assessment-to-sales ratio to be 65.24%. The differences between the two ratios forecloses meaningful comparison. Dr. Cohen's ratio is unweighted and unclassified and covers sales for only one year, whereas the ch. 123 ratio is weighted by property class and by year and covers several years. Dr. Cohen's ratio is derived from sales occurring in the 12 months ended June 30, 1982; ch. 123 is determined as of October 1, 1981, partly on the basis of sales occurring during the 12 months ended June 30, 1981. As a result of these disparities plaintiff is unable to show that the application of ch. 123 leaves it with a confiscatory assessment, which is required by our Supreme Court in order for a taxpayer to obtain relief beyond ch. 123. Murnick v. Asbury Park, 95 N.J. 452, 471 A.2d 1196 (1984).

The New Jersey Constitution requires that all property within a taxing district be assessed in accordance with the same standard of value. N.J. Const. (1947), Art. VIII, § 1, par. 1. Axiomatically in New Jersey, where a taxpayer's property is assessed at a ratio to true value substantially higher than the common level of assessments or, if there is no such common level substantially higher than the director's average ratio, that taxpayer is ordinarily entitled to a reduction of his assessment down to the common level or Director's ratio. Kearny Leasing Corp. v. Kearny, 6 N.J. Tax. 363, 378 (Tax Ct.1984), aff'd 7 N.J. Tax. 665 (App.Div.1985), certif. den. 102 N.J. 340, 508 A.2d 215 (1985). N.J.S.A. 54:51A-6, commonly known as the Chapter 123 ratio, provides in pertinent part:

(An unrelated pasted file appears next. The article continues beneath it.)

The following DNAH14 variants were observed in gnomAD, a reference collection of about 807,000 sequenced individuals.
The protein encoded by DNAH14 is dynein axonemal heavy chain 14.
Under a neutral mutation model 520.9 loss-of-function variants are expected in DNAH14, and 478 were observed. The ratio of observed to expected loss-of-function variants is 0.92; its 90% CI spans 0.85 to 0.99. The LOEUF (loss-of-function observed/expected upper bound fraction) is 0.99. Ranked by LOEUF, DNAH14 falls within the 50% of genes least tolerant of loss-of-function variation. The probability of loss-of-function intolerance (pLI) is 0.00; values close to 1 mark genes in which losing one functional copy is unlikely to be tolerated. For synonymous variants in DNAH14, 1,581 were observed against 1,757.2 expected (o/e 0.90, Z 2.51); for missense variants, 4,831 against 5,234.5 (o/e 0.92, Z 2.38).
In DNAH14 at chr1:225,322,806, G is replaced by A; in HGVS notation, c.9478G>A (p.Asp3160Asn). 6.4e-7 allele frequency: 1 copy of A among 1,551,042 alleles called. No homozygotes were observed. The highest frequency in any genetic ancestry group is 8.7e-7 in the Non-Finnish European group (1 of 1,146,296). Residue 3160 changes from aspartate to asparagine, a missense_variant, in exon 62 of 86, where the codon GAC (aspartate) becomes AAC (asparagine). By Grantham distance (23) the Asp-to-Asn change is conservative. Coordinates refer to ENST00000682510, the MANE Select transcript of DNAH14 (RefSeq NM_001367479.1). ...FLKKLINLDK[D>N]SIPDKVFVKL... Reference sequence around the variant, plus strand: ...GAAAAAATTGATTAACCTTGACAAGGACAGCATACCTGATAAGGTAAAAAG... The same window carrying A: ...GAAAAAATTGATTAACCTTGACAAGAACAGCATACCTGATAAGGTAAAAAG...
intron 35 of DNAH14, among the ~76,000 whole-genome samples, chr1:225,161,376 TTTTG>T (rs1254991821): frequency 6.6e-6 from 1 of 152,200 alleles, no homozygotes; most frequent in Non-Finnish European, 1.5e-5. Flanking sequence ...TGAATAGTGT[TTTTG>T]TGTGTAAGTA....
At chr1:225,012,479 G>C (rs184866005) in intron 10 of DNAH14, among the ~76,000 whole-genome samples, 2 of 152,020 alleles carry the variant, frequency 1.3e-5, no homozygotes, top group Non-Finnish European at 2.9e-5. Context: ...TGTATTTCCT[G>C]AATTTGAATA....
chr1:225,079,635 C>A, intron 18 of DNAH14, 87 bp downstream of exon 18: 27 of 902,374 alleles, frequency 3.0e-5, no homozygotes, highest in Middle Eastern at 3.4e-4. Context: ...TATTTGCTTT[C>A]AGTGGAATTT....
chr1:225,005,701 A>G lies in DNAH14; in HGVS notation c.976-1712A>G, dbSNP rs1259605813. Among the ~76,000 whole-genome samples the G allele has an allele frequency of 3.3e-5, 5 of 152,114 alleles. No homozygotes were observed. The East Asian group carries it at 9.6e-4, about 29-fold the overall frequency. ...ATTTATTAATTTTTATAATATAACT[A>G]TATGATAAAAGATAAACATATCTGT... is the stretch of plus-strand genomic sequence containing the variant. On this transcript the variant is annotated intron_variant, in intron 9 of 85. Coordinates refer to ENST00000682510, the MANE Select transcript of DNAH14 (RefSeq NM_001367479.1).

a. Whenever the tax court is satisfied by the proofs that the ratio of the assessed valuation of the subject property to its true value exceeds the upper limit or falls below the lower limit of the common level range, it shall enter judgment revising the taxable value of the property by applying the average ratio to the true value of the property except as hereinafter provided.